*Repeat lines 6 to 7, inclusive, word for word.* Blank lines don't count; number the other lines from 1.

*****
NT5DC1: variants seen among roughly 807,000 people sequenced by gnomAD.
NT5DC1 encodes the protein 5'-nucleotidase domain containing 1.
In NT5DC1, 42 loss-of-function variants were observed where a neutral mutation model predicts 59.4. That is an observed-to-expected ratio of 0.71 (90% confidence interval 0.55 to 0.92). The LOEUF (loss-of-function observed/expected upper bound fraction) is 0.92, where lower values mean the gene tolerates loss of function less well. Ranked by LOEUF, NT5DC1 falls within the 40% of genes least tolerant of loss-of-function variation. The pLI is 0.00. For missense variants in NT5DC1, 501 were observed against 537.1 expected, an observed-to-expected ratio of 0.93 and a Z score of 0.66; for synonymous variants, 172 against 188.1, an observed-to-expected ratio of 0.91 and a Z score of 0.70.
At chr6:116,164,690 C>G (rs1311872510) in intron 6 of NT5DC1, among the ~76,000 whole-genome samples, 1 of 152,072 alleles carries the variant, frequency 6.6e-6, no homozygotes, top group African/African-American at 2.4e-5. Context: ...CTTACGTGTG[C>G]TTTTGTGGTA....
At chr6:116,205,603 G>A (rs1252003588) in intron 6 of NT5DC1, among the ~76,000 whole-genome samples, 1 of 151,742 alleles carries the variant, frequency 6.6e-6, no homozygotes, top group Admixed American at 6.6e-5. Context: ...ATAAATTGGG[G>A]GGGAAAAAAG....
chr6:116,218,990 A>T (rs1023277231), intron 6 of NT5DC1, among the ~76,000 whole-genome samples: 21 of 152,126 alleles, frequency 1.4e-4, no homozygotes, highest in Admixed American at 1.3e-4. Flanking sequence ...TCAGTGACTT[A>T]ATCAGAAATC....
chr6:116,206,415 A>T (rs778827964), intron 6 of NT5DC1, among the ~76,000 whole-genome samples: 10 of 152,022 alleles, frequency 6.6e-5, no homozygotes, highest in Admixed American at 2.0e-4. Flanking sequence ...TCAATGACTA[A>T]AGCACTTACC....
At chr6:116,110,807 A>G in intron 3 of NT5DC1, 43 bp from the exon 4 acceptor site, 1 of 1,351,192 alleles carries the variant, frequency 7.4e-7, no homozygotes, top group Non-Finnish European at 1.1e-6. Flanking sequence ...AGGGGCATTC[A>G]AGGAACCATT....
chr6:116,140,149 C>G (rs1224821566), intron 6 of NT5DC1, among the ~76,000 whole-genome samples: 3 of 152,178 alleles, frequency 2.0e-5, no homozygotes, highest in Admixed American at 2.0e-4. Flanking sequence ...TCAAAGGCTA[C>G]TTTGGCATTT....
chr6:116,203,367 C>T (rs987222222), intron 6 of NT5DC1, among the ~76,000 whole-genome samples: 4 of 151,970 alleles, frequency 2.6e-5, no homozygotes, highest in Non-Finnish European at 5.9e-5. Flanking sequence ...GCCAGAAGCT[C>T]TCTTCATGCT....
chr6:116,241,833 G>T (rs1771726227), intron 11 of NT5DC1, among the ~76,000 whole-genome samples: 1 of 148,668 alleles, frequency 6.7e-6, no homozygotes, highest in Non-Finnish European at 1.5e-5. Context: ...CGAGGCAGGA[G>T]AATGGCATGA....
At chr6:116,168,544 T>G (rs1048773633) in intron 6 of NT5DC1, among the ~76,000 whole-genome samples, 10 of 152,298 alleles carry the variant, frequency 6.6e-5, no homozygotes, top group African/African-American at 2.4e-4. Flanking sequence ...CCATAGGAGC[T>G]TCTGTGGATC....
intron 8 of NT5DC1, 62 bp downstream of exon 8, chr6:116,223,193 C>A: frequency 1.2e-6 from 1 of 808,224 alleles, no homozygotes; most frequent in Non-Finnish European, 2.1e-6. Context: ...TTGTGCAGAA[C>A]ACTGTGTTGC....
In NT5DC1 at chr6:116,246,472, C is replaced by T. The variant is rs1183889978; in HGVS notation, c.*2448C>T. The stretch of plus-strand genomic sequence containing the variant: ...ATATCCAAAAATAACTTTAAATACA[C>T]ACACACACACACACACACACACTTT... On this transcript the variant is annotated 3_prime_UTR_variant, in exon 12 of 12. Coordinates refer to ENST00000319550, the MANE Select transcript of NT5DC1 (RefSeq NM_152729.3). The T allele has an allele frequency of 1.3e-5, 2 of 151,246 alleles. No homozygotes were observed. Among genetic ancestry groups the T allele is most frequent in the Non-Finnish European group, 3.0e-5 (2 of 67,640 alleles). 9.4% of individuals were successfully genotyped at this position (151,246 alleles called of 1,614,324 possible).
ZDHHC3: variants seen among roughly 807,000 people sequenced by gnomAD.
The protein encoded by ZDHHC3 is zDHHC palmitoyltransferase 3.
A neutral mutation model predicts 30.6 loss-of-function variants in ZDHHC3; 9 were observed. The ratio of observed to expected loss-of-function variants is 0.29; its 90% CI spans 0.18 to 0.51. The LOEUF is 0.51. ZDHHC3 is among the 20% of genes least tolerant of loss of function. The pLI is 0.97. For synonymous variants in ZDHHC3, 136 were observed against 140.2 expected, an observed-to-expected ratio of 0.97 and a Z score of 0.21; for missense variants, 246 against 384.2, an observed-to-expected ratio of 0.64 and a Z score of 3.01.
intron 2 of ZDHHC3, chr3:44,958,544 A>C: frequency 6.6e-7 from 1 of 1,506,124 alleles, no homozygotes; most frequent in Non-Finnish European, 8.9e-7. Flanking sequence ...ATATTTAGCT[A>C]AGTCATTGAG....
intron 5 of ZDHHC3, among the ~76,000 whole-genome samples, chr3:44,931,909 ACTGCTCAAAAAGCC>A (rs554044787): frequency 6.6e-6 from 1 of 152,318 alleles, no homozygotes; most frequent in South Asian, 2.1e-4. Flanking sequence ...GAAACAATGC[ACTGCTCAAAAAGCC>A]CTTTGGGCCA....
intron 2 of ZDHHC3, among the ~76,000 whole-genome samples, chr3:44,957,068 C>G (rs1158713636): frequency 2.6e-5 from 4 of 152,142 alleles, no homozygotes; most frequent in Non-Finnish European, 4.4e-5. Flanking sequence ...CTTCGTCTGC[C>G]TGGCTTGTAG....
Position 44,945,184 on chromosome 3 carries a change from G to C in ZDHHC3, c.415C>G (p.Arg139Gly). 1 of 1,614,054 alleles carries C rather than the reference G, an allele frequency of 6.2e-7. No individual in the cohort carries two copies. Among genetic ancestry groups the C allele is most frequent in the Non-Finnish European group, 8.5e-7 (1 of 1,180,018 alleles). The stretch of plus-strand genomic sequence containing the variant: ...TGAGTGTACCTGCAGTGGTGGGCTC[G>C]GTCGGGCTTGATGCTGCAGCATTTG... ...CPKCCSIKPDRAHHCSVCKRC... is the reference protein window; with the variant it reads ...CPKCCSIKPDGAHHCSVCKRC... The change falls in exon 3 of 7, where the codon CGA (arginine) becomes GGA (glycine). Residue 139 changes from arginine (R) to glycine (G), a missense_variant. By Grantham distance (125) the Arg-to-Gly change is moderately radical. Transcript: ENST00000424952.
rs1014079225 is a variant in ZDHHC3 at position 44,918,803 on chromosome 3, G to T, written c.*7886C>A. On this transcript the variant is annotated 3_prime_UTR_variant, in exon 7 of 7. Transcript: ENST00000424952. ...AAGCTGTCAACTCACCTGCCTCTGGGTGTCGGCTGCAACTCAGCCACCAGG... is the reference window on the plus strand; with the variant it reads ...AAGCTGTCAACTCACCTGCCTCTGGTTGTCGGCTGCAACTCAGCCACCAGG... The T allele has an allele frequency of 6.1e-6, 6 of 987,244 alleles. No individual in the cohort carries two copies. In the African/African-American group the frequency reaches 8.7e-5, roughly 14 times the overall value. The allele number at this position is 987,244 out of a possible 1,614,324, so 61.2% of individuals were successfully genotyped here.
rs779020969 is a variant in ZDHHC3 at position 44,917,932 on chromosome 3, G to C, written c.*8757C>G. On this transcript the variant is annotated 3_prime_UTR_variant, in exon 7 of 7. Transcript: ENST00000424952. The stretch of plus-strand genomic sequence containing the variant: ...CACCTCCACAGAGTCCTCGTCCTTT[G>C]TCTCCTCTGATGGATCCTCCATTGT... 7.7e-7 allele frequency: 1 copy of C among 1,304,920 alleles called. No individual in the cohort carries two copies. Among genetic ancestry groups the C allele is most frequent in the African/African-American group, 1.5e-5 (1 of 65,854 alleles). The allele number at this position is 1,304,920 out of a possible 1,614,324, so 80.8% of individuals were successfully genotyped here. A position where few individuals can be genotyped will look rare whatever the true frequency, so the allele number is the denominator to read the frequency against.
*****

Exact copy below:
chr6:116,218,990 A>T (rs1023277231), intron 6 of NT5DC1, among the ~76,000 whole-genome samples: 21 of 152,126 alleles, frequency 1.4e-4, no homozygotes, highest in Admixed American at 1.3e-4. Flanking sequence ...TCAGTGACTT[A>T]ATCAGAAATC....
chr6:116,206,415 A>T (rs778827964), intron 6 of NT5DC1, among the ~76,000 whole-genome samples: 10 of 152,022 alleles, frequency 6.6e-5, no homozygotes, highest in Admixed American at 2.0e-4. Flanking sequence ...TCAATGACTA[A>T]AGCACTTACC....